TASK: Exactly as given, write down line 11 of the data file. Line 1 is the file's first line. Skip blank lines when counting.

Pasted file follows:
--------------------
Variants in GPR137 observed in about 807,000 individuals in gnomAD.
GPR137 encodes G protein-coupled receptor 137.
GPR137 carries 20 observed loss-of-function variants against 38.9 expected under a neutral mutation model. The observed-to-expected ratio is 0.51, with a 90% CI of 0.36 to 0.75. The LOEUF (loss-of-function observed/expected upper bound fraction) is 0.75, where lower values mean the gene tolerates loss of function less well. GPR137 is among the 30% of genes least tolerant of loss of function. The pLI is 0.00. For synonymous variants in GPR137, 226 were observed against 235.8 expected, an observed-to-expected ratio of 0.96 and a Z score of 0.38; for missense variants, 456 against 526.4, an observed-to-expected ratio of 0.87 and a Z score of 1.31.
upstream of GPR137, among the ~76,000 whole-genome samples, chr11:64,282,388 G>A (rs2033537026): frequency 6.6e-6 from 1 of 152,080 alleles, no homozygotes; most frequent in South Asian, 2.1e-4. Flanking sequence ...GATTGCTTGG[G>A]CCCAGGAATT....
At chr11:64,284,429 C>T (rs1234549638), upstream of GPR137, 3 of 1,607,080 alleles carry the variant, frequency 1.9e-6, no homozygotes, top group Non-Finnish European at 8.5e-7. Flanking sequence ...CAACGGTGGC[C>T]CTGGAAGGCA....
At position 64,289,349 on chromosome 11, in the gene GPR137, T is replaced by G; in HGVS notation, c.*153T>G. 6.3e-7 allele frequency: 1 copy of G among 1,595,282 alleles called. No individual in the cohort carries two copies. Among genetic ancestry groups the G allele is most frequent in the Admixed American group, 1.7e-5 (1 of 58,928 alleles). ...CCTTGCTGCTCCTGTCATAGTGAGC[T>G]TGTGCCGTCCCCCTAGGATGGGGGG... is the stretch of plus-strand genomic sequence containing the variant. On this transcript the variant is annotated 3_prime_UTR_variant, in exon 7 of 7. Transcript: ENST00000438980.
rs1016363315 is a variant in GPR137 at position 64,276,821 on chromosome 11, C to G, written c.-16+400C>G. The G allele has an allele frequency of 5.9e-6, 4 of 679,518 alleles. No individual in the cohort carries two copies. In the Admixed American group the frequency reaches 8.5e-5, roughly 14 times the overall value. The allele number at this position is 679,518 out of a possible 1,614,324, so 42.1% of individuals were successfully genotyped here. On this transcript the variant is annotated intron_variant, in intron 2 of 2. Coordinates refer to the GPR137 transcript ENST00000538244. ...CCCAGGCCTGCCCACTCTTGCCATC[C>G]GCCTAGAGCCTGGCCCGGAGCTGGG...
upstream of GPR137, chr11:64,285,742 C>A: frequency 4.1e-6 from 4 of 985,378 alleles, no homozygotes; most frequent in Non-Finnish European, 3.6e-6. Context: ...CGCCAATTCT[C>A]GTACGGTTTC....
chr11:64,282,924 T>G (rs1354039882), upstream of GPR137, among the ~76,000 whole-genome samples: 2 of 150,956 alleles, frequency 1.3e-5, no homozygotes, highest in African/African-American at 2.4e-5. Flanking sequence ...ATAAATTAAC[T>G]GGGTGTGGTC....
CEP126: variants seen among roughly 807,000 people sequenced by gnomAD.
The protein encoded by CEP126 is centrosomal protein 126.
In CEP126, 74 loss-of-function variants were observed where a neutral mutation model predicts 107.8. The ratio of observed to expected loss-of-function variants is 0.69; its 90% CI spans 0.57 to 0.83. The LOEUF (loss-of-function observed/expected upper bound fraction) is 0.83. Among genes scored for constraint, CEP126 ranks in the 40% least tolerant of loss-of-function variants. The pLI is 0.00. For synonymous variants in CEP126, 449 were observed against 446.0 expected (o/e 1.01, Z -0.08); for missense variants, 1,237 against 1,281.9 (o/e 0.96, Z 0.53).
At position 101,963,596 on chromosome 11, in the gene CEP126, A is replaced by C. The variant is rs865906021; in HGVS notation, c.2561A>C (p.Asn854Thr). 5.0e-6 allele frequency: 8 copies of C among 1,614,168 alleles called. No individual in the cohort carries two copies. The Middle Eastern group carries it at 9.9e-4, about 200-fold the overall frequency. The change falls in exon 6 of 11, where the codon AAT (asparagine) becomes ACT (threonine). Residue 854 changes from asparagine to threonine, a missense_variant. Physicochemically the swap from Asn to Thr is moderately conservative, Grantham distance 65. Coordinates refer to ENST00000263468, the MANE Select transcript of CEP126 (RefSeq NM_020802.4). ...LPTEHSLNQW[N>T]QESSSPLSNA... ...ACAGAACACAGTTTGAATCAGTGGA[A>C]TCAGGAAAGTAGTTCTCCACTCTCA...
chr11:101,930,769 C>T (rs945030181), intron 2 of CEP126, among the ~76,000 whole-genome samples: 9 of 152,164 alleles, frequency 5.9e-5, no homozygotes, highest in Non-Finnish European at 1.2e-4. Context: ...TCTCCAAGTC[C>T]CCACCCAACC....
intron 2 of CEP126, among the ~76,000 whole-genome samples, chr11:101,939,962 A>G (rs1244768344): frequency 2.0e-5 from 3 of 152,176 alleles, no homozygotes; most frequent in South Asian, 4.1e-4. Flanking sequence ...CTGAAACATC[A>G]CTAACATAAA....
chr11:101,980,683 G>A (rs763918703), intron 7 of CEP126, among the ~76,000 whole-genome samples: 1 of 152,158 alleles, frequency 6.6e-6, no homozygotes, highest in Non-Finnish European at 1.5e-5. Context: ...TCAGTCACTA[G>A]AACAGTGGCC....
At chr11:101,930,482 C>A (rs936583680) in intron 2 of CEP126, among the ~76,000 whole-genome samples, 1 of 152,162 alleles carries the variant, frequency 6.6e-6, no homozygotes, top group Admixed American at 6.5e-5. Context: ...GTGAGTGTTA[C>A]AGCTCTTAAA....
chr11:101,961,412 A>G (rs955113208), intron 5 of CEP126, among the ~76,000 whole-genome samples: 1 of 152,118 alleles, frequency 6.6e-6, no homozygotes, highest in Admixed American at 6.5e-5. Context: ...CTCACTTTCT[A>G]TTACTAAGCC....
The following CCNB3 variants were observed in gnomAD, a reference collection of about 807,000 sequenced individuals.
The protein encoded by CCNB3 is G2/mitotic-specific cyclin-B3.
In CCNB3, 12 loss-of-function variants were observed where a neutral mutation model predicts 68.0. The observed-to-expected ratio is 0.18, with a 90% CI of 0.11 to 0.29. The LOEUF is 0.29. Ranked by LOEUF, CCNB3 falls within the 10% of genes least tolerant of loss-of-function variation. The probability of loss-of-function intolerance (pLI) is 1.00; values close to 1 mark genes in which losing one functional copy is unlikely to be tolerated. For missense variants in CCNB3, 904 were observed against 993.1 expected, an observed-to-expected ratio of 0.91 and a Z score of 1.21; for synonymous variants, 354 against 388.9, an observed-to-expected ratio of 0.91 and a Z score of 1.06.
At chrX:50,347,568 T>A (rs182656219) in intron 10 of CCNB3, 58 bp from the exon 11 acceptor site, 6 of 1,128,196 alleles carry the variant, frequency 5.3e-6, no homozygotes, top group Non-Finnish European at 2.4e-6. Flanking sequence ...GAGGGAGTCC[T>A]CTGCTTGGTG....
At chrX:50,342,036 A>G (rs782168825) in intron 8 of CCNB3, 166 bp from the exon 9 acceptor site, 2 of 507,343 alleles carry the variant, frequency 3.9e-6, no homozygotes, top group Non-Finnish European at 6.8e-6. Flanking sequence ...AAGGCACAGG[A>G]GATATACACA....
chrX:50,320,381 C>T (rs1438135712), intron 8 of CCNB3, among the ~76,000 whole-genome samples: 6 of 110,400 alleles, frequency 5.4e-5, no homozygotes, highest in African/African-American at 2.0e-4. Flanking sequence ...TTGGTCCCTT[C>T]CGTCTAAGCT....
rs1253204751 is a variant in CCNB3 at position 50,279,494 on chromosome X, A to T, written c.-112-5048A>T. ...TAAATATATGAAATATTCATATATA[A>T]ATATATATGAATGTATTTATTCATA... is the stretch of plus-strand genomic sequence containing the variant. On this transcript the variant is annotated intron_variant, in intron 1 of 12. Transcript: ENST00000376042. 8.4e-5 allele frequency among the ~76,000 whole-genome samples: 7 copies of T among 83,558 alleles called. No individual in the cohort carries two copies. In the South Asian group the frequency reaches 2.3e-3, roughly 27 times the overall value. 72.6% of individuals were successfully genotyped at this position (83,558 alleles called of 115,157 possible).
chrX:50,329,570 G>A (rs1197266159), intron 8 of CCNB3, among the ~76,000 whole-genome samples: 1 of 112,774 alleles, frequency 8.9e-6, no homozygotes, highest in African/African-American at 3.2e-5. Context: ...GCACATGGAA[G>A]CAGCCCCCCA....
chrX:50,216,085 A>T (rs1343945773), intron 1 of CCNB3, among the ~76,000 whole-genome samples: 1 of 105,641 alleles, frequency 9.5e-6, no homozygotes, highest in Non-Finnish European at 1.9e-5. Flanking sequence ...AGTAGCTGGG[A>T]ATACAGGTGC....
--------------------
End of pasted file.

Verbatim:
The protein encoded by CEP126 is centrosomal protein 126.